Satanism, witchcraft real or perceived

HARARE - Modern folk considers witchcraft to be a perception and satanism to be the “dark side of Christianity”, but for many Zimbabweans, both witchcraft and satanism are equally evil and satanic.

For the majority of Zimbabweans of Christian descent, witchcraft and satanism both oppose God’s teachings and are demonically inspired and thus should not be judged differently.

This is in contrast to the world’s view that draws distinction to the two forms of religion which have their own distinct sets of beliefs and practices.

But Zimbabweans have never cared about semantics.

If anything, anything that boarders on the margins of magic, sacrifices and dark arts should be grouped in one.

It’s from this stand point, that angry and furious parents besieged two schools last week, bringing classes to a halt.

It started off on a chilly June 25 Monday morning when more than 200 parents mobbed a Sunningdale school administration block, baying for the blood of the learning institution’s deputy headmistress whom they accused of practising satanism.

The parents alleged that some of the learners had to be pulled out of school due to witchcraft-linked or satanism activities.

The impromptu protest was triggered by a child who had manifested — speaking and acting as if possessed by a demon — earlier at the school, while some parents said snakes were being sighted at the school and alleged satanists were gathering under a tree within the school yard, which the parents wanted chopped.

“Since the beginning of this term, three children have died and others are manifesting because of satanism,” a fuming parent claimed.

The deputy headmistress, only identified as Marawa, strenuously denied the allegations, with classes resuming after intervention by officials from the Primary and Secondary Education ministry.

Sunningdale legislator Margret Matienga told the Daily News that the ministry should take the matter seriously to avoid any more alleged loss of life.

She said the issue of satanism is, however, difficult to prove considering that people do not have evidence.

Before the dust settled, another pack of disgruntled parents besieged Molife Junior School in Domboshawa demanding school fees refunds and the ouster of the headmistress on allegations of satanism.

The parents alleged that mysterious incidences at the school had led to mental illnesses and unexplained deaths of students at the school.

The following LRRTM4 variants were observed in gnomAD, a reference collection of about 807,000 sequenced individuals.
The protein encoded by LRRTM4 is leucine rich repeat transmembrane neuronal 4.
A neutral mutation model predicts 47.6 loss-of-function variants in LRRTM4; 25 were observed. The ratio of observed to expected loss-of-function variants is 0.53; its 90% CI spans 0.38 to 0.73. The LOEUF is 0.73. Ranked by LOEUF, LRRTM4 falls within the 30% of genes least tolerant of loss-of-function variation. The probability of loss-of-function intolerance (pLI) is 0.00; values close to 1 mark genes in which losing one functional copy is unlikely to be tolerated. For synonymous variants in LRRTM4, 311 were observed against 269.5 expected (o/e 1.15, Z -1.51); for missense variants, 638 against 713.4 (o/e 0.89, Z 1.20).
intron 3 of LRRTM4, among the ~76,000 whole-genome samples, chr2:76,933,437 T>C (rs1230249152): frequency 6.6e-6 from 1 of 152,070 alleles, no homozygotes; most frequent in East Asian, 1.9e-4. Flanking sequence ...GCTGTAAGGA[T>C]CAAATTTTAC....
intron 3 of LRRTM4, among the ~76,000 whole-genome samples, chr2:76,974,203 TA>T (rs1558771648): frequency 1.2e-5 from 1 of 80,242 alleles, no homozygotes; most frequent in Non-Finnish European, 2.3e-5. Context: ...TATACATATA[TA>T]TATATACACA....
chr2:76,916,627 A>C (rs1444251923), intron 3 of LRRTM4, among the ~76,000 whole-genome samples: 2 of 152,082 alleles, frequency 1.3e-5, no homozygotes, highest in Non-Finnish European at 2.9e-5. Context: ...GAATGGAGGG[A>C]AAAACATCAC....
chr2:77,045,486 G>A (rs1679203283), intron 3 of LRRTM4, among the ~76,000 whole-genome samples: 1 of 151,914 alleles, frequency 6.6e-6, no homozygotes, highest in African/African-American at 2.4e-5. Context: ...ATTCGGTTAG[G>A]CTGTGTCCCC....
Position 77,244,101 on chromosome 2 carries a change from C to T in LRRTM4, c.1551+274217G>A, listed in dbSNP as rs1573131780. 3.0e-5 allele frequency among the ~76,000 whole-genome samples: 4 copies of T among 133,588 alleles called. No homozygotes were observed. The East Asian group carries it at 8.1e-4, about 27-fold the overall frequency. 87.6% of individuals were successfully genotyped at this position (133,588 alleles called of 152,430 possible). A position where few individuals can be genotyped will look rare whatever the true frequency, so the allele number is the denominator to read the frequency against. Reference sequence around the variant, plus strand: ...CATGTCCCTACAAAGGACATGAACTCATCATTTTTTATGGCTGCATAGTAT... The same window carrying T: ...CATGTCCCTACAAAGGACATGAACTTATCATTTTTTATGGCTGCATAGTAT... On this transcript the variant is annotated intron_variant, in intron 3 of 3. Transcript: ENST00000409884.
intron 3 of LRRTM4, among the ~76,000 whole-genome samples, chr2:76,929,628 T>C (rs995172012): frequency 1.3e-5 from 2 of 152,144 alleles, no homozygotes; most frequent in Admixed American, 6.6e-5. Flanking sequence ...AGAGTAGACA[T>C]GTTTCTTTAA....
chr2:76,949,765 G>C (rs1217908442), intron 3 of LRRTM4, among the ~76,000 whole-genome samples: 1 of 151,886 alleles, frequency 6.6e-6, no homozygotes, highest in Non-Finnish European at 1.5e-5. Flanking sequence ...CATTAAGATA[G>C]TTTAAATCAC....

In February this year, officials at Maramba Secondary School in Mutawatawa and St Joseph Secondary School in Rusape ordered the closure of the two institutions following a satanism scare.

It was alleged that students at the schools were initiated into satanism after receiving money and gifts from a classmate.

In July last year, pandemonium rocked Nyanyadzi High School in Chimanimani after angry parents stormed the institution, accusing four teachers of initiating 10 students into satanism.

Educationist Takavafira Zhou said while there are instances of witchcraft in society, there was more to the finger pointing than what met the eye.

“I think in Zimbabwe there are a lot of issues. One is perception, if you think someone is a witch you will ultimately see them as a witch and then the blame game begins. You wonder how some of the people who have stayed at a school for more than 30 years without any accusations all of a sudden become a witch. There is also the issue of polarisation, if some said at a political rally that they should be out of the school, they are then hounded out on frivolous grounds. Yes they could be genuine concerns, if people have issues they should take them up with the authorities,” Zhou said.

Amalgamated Rural Teachers Union of Zimbabwe (Artuz) president Obert Masaraure could not rule out that high poverty levels had left the country clutching at straws.

“The shocking levels of poverty in our country have led to this unfortunate upsurge of parents blaming teachers of witchcraft,” he said.

“The material conditions of our citizens should be improved. In the interim the ministry of Primary and Secondary Education must facilitate dialogue meetings between teachers and community members.”

Education expert Robson Chere said parents should seek more robust forms of engagement to get to the bottom of their suspicions.   

“The trend is regrettable and very unfortunate. Witchcraft and satanism are very difficult to prove. In any case the issue of parents besieging schools over satanism claims is highly discouraged and any alleged wrong doing from teachers and school authorities should be properly addressed so that litigation will take place thus avoiding disruption of learning process. The school environment should be safe to both learners and educators,” he said.

Historians and culturists canvassed by the Daily News on Sunday said the phenomenon of witchcraft and satanism were not just mere bed time stories but remained difficult to eradicate because cases were difficult to prove.

“The methodology used by witches or satanism does not make sense to Western science therefore whatever one cannot prove is dismissed as superstition,” said traditional healer Joshua Chigwido, whose patients call him Sekuru Nehanda.

“These things will continue to be a problem because our legal systems do not address challenges of witchcraft or satanism. In fact, one can actually be sued for calling someone a witch. As such, more cases continue to emerge and will remain unresolved. Those who can will continue to seek refuge from traditional leaders.”

On witchcraft and Satanism whether they are distinct and real will remain a debate for many Zimbabweans.

But one thing is certain; more schools will continue to be besieged over these two highly misunderstood convictions.

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